WWF works across the seafood supply chain to protect marine ecosystems, the species that live within them and the communities that depend on seafood for their livelihoods and food security.
We do this in many ways, from tracing the origin of wild-caught fish to combating illegal fishing, to pushing for the elimination of destructive fishing gear to minimise bycatch, to highlighting markets for seafood from responsibly managed sources.
The Marine Stewardship Council (MSC) and the Aquaculture Stewardship Council (ASC) provide a framework of standards under which seafood products can be audited and certified as meeting essential environmental requirements for responsible practices. Such standards are important tools, often providing the initial steps to drive improvements in wild-caught fisheries and aquaculture farming practices.
However, these fully independent certification schemes also require continual monitoring and evaluation. WWF is a stakeholder in various certification processes, including the MSC and ASC. We participate in stakeholder consultations in an effort to improve standards, always seeking decisions that are made on the best available science alongside full transparency. We may oppose the certification of fisheries or farms that we assess as not having achieved the requirements of environmental sustainability. Recently, WWF successfully objected to the proposed MSC certification of Orange Roughy fisheries off the coast of Tasmania, on the grounds that such requirements were not being met.
We will continue to challenge and work to ensure the continual improvement of such schemes as new scientific evidence comes to light, calling for robust standards, oversight, and implementation.
Aquaculture is a rapidly expanding industry which accounts for almost half of the global seafood supply and is the single largest seafood sector in Australia.
Through our work to pursue sustainability in the growing aquaculture sector in Tasmania, we became aware through the science that the rapid increase in production volumes was cumulatively placing pressure on some ecosystems. This raised questions about the efficacy of certification standards and the adequacy of the existing regulatory framework. WWF raised these overall concerns in 2019 to the Tasmanian Upper House Enquiry on Fin Fish Farming.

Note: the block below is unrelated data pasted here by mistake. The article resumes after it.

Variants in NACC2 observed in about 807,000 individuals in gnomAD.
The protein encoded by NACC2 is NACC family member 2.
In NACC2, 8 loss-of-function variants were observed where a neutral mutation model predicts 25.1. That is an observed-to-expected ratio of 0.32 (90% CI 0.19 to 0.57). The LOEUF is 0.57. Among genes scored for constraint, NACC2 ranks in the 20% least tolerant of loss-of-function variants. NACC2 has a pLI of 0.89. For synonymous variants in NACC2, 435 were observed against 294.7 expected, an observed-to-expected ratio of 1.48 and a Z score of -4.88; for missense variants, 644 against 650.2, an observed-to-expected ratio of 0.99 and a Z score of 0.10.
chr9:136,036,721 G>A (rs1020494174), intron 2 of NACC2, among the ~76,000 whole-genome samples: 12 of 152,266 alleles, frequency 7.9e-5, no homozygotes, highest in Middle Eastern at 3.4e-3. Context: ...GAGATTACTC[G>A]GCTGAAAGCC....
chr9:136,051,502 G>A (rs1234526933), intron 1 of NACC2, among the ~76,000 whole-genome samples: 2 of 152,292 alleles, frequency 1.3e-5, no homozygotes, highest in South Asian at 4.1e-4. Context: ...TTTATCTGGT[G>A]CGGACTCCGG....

In December 2019, WWF-Australia also commissioned Seafood Advisory, an independent seafood consultancy, to prepare a report to examine the circumstances surrounding the ecological impacts of expanded aquaculture operations in Macquarie Harbour. We were concerned at how cumulative impacts of multiple farming operations in enclosed waterways, such as Macquarie Harbour, could be detected.
We wanted to know more about how and why these impacts occurred, and if changes in certification schemes could have helped to prevent the adverse ecological outcomes. We also wanted to ensure that any lessons could inform decision-making so that these negative environmental impacts are not repeated elsewhere, and to inform the discussion on restoring the health of Macquarie Harbour.
Seafood Advisory interviewed a wide range of stakeholders about the issues around aquaculture in Macquarie Harbour, and this input helped to frame the findings and recommendations in its final report.
The report, which we have included on this page, confirms there are ways that aquaculture certification can and should be reformed, particularly to account for cumulative impacts of multiple farms. It also found some impacts of aquaculture in Macquarie Harbour are beyond the scope of certification and need to be addressed through government regulatory reform.
The report’s findings reinforce WWF-Australia’s submission and recommendations to the Tasmanian Upper House Enquiry on Fin Fish Farming in 2019.
WWF will use this new independent report to continue to advocate for transformation in the aquaculture industry. This will include working towards a stronger environmental regulatory framework, reforms to marine spatial planning, science-based biomass limits and enhanced biosecurity measures and environmental scrutiny, including through the transparency of data collection. We will also advocate for the development of new solutions and consideration of land-based opportunities, which may be appropriate in certain contexts, and work to ensure animal welfare remains paramount in all aspects of the industry. The Tasmanian Government must play the central role in addressing these issues.
We also remain committed to working with seafood suppliers to drive changes across their supply chains towards the goal of all seafood being sourced responsibly, and we commend companies that have undertaken such transformation.
WWF-Australia believes that all stakeholders must work together to ensure that planning and management of the Tasmanian aquaculture industry operates in harmony with nature and with the many other users of Tasmania’s unique coast and marine environment.
Review of Eco-labelling Standards in Relation to Salmon Farming in Macquarie Harbour